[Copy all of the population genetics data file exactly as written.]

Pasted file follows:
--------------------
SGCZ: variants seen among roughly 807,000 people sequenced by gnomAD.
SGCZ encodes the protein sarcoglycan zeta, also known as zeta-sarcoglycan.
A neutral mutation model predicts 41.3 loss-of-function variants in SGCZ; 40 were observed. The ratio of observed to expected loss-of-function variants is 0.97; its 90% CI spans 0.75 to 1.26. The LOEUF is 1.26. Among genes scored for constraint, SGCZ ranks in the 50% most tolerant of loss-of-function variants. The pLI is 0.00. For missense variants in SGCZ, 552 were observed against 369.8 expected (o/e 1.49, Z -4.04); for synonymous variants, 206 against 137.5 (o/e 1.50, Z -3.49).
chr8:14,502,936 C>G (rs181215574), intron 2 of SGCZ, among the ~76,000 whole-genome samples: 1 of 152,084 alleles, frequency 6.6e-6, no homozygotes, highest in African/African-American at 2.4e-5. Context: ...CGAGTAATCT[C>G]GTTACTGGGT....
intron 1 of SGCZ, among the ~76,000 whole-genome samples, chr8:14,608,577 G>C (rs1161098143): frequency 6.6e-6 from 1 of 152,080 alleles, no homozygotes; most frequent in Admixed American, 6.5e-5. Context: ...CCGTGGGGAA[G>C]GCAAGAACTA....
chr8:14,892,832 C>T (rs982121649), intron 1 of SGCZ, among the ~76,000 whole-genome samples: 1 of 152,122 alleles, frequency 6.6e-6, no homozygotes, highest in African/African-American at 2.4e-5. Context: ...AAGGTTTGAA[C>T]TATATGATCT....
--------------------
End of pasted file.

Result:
SGCZ: variants seen among roughly 807,000 people sequenced by gnomAD.
SGCZ encodes the protein sarcoglycan zeta, also known as zeta-sarcoglycan.
A neutral mutation model predicts 41.3 loss-of-function variants in SGCZ; 40 were observed. The ratio of observed to expected loss-of-function variants is 0.97; its 90% CI spans 0.75 to 1.26. The LOEUF is 1.26. Among genes scored for constraint, SGCZ ranks in the 50% most tolerant of loss-of-function variants. The pLI is 0.00. For missense variants in SGCZ, 552 were observed against 369.8 expected (o/e 1.49, Z -4.04); for synonymous variants, 206 against 137.5 (o/e 1.50, Z -3.49).
chr8:14,502,936 C>G (rs181215574), intron 2 of SGCZ, among the ~76,000 whole-genome samples: 1 of 152,084 alleles, frequency 6.6e-6, no homozygotes, highest in African/African-American at 2.4e-5. Context: ...CGAGTAATCT[C>G]GTTACTGGGT....
intron 1 of SGCZ, among the ~76,000 whole-genome samples, chr8:14,608,577 G>C (rs1161098143): frequency 6.6e-6 from 1 of 152,080 alleles, no homozygotes; most frequent in Admixed American, 6.5e-5. Context: ...CCGTGGGGAA[G>C]GCAAGAACTA....
chr8:14,892,832 C>T (rs982121649), intron 1 of SGCZ, among the ~76,000 whole-genome samples: 1 of 152,122 alleles, frequency 6.6e-6, no homozygotes, highest in African/African-American at 2.4e-5. Context: ...AAGGTTTGAA[C>T]TATATGATCT....